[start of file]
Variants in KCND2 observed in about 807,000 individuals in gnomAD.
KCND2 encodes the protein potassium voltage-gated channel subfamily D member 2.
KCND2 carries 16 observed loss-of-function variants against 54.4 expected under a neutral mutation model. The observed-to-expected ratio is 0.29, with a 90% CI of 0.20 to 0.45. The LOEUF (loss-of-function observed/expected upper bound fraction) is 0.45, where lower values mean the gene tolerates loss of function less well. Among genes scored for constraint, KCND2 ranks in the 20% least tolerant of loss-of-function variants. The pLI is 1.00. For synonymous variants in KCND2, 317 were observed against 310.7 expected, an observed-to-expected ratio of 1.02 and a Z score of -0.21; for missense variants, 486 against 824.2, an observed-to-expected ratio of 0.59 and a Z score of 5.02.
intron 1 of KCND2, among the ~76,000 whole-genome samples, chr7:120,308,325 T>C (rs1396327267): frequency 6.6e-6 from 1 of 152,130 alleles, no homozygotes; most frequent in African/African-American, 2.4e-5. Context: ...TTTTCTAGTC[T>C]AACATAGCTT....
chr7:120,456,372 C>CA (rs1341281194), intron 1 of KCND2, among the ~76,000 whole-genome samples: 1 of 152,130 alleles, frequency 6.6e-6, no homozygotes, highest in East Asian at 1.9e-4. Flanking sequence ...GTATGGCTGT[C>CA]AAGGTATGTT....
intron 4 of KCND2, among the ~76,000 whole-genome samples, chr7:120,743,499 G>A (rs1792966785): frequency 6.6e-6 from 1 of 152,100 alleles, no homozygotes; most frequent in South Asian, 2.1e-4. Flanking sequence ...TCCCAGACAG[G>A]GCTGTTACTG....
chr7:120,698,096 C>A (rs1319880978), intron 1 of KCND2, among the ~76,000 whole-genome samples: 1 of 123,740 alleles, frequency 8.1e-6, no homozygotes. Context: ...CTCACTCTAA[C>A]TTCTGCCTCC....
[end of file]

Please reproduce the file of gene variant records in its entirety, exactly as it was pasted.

Variants in KCND2 observed in about 807,000 individuals in gnomAD.
KCND2 encodes the protein potassium voltage-gated channel subfamily D member 2.
KCND2 carries 16 observed loss-of-function variants against 54.4 expected under a neutral mutation model. The observed-to-expected ratio is 0.29, with a 90% CI of 0.20 to 0.45. The LOEUF (loss-of-function observed/expected upper bound fraction) is 0.45, where lower values mean the gene tolerates loss of function less well. Among genes scored for constraint, KCND2 ranks in the 20% least tolerant of loss-of-function variants. The pLI is 1.00. For synonymous variants in KCND2, 317 were observed against 310.7 expected, an observed-to-expected ratio of 1.02 and a Z score of -0.21; for missense variants, 486 against 824.2, an observed-to-expected ratio of 0.59 and a Z score of 5.02.
intron 1 of KCND2, among the ~76,000 whole-genome samples, chr7:120,308,325 T>C (rs1396327267): frequency 6.6e-6 from 1 of 152,130 alleles, no homozygotes; most frequent in African/African-American, 2.4e-5. Context: ...TTTTCTAGTC[T>C]AACATAGCTT....
chr7:120,456,372 C>CA (rs1341281194), intron 1 of KCND2, among the ~76,000 whole-genome samples: 1 of 152,130 alleles, frequency 6.6e-6, no homozygotes, highest in East Asian at 1.9e-4. Flanking sequence ...GTATGGCTGT[C>CA]AAGGTATGTT....
intron 4 of KCND2, among the ~76,000 whole-genome samples, chr7:120,743,499 G>A (rs1792966785): frequency 6.6e-6 from 1 of 152,100 alleles, no homozygotes; most frequent in South Asian, 2.1e-4. Flanking sequence ...TCCCAGACAG[G>A]GCTGTTACTG....
chr7:120,698,096 C>A (rs1319880978), intron 1 of KCND2, among the ~76,000 whole-genome samples: 1 of 123,740 alleles, frequency 8.1e-6, no homozygotes. Context: ...CTCACTCTAA[C>A]TTCTGCCTCC....